Sure, I could be friends with them, we might go out for the occasional movie or picnic and have a great time, but long term, it just wouldn't lead to that warm tingly feeling you get whenever you see that special someone. Or MORE importantly, you wouldn't be able to tolerate the fact they leave the toilet seat up and you occasionally fall in, or that they have an obsessive addiction to Red Dwarf and you've officially watched it 482 times. Instead, with the right partner, you find it "cute" instead of trying to bludgeon them with the DVD case.
...or maybe you still do... ; )
Anyway, the one that stands out the strongest for me, is a big bay gelding who just moved back to the barn. I've blogged about this guy before. I nearly bought him when he was a long three-year old. Today, he's about 5, tall, lean and moves really nicely. Has that warmbloody look to him. Is probably going to sleep his way up the levels and PSG'ing around the barn before I've even managed to get the gate open.
Now, some people, other people, people looking to "make it", may look at him and think "Boy, wish I would have bought HIM."
I think "Wow, I'm glad SHE bought him!"
: ) I can't imagine ever being his owner. Not because there's anything wrong with him, not because he's not a gorgeous horse and not because he doesn't have a sane head on his body.
But because our personalities would never match. I've tried it before. It's clear to me. You see, he's a sweet boy, but he's lively. Spirited. Energetic. TALL. His owner? She has this commanding presence, this way of snapping on a lunge line and sending him around and despite their size difference, he listens. She's take charge. Clear. Direct.
Hi. I'm quiet. Soft. Meeky. Timid. The match? Horrible. His height alone makes me nervous! Never mind climbing the step ladder to get on him! And do you know how far it is to the ground??!
His rider? Loves him. And I love seeing them together. All while blessing the heavens that he's not mine!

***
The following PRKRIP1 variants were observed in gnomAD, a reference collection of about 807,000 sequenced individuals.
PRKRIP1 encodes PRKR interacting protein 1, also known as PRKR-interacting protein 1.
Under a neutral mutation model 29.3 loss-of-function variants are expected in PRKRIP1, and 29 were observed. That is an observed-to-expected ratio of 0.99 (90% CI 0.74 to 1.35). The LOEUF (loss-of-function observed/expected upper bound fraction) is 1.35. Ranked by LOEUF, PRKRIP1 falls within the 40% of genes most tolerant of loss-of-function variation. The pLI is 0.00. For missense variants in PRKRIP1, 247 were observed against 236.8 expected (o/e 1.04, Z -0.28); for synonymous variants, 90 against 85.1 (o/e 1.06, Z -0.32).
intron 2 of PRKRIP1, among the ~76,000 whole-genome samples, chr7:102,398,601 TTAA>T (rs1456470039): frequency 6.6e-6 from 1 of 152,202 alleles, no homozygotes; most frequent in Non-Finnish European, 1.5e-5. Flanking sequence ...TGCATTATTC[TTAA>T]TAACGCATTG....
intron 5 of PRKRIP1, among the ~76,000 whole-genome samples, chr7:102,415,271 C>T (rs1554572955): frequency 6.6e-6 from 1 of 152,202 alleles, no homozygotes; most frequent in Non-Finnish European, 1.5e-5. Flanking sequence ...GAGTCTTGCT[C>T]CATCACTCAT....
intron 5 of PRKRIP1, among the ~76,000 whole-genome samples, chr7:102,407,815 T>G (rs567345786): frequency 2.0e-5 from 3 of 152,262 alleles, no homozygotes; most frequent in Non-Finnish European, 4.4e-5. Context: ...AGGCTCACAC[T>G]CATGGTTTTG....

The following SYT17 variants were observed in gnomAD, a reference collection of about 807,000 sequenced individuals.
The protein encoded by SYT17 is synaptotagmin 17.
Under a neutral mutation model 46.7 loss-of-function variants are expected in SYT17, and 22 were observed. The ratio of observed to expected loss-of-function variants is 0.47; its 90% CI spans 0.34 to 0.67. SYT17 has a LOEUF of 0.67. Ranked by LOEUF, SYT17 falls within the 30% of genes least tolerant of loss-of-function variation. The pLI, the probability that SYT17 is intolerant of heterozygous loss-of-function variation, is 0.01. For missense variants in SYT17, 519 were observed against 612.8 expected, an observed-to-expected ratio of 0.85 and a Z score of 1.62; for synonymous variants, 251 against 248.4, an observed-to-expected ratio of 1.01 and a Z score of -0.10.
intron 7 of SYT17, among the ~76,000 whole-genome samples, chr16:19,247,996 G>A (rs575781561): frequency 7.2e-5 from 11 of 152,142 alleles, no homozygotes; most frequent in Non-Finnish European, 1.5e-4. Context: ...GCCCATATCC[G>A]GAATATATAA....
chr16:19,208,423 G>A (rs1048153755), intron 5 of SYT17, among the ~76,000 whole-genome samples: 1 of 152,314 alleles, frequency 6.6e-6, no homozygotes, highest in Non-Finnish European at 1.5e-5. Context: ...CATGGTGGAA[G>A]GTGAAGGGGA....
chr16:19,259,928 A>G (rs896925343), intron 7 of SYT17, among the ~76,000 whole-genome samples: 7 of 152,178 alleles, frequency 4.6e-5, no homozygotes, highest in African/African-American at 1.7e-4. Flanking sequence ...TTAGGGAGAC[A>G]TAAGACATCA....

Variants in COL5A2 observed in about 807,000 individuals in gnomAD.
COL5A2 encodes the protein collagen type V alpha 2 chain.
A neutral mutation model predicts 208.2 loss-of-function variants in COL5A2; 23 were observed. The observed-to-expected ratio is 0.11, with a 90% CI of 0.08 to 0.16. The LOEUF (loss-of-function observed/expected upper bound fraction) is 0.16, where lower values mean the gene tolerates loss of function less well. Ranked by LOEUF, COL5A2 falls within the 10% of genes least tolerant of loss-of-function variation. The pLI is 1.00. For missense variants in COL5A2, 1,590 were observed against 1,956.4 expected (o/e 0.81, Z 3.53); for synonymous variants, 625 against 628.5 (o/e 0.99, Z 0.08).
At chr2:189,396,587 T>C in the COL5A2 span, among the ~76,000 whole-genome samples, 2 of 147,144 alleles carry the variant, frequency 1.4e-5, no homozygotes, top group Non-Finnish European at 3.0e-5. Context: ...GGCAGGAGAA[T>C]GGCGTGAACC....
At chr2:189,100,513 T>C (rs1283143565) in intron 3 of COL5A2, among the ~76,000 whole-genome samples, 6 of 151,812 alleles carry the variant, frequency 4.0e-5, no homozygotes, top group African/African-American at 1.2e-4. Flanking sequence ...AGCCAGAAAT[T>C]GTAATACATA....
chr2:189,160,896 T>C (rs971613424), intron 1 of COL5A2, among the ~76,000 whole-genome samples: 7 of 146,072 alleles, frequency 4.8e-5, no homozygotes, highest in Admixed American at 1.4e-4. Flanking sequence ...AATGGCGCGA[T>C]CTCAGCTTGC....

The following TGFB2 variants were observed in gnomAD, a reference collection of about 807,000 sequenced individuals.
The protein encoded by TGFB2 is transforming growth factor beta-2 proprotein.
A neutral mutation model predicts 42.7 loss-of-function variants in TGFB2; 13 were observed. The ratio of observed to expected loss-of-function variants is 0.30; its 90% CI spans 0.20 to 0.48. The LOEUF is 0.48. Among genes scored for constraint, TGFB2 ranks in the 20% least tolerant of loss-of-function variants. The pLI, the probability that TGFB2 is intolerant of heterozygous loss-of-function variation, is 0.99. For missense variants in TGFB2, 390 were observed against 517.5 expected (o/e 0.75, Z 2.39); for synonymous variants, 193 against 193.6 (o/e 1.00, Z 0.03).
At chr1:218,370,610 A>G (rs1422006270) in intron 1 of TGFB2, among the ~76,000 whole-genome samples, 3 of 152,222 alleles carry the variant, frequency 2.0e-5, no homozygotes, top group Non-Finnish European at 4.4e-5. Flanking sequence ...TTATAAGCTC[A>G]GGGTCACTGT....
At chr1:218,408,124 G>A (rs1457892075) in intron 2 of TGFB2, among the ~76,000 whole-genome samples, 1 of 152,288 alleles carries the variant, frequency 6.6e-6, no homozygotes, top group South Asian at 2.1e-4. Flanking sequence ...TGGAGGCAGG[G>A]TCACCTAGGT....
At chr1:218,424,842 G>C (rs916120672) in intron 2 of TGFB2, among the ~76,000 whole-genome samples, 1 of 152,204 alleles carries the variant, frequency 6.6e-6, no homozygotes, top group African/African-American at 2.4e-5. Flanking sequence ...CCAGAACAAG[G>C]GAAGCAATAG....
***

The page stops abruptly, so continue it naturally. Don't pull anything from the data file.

My perfect match, is Mr. Moon. He's an easy horse. He just is. I'd say that talented riders would be bored with him, but having watched and spoken to W, he's willing to learn but requires specific enough methods that it's enjoyable to teach him. I mean, he's never gonna be passaging with the warmbloods, but good, bad or mediocre, riders can get on him and go. Safely and successfully.
Sometimes I feel like maybe he takes away from my skill of riding. I mean, he's so easy to ride, that being able to ride him isn't exactly a feat. Anyone and their dog could ride him around bareback, because he's seriously, a doll. And I do HONESTLY believe he WOULD carry your dog around on his back. He's just that laid-back. It's not my crazy skill that lets me lead my dog from his back, gallop down open trails or canter bareback. It's cause he makes it easy.
For me though, being a nervous, somewhat fearful rider, it's perfect. I ride for the fun of it. For loving it. I don't want to ever be scared or nervous on my horse. Every ride should be a blast and I should be able to do every crazy thing to him that I can dream up. And I do. Yes, a lot of your horses are challenging. Yes, a lot of your horses require a lot of skill to ride. Guess what? My horse looks after ME, and I'm glad to have it that way!